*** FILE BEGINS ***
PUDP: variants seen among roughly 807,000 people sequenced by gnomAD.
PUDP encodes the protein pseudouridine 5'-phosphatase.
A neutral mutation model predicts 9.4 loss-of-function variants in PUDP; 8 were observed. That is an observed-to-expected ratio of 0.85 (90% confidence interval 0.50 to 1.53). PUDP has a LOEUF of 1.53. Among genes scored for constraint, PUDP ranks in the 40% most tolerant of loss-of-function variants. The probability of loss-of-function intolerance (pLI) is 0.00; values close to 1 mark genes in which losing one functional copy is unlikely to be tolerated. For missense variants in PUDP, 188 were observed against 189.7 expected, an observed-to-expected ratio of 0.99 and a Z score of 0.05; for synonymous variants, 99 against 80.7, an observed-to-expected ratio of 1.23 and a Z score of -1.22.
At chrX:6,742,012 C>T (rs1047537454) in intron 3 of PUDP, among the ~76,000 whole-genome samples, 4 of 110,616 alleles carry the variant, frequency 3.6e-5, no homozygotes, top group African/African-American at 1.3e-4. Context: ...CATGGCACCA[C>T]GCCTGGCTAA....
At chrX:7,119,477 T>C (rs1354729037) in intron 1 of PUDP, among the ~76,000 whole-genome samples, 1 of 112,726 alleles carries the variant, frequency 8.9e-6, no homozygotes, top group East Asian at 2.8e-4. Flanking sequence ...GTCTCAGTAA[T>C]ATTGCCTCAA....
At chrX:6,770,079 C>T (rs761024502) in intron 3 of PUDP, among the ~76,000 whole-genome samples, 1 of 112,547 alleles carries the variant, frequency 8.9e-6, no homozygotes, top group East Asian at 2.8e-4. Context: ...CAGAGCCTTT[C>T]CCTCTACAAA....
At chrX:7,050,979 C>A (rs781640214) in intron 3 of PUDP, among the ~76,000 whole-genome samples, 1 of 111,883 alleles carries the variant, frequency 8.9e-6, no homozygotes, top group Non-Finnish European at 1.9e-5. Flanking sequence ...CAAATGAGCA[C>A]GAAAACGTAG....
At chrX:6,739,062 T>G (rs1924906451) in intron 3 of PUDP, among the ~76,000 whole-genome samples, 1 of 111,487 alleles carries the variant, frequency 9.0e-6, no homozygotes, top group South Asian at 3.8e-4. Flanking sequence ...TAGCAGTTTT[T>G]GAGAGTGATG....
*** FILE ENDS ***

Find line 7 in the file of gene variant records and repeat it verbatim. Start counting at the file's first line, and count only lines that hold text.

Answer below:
At chrX:7,050,979 C>A (rs781640214) in intron 3 of PUDP, among the ~76,000 whole-genome samples, 1 of 111,883 alleles carries the variant, frequency 8.9e-6, no homozygotes, top group Non-Finnish European at 1.9e-5. Flanking sequence ...CAAATGAGCA[C>A]GAAAACGTAG....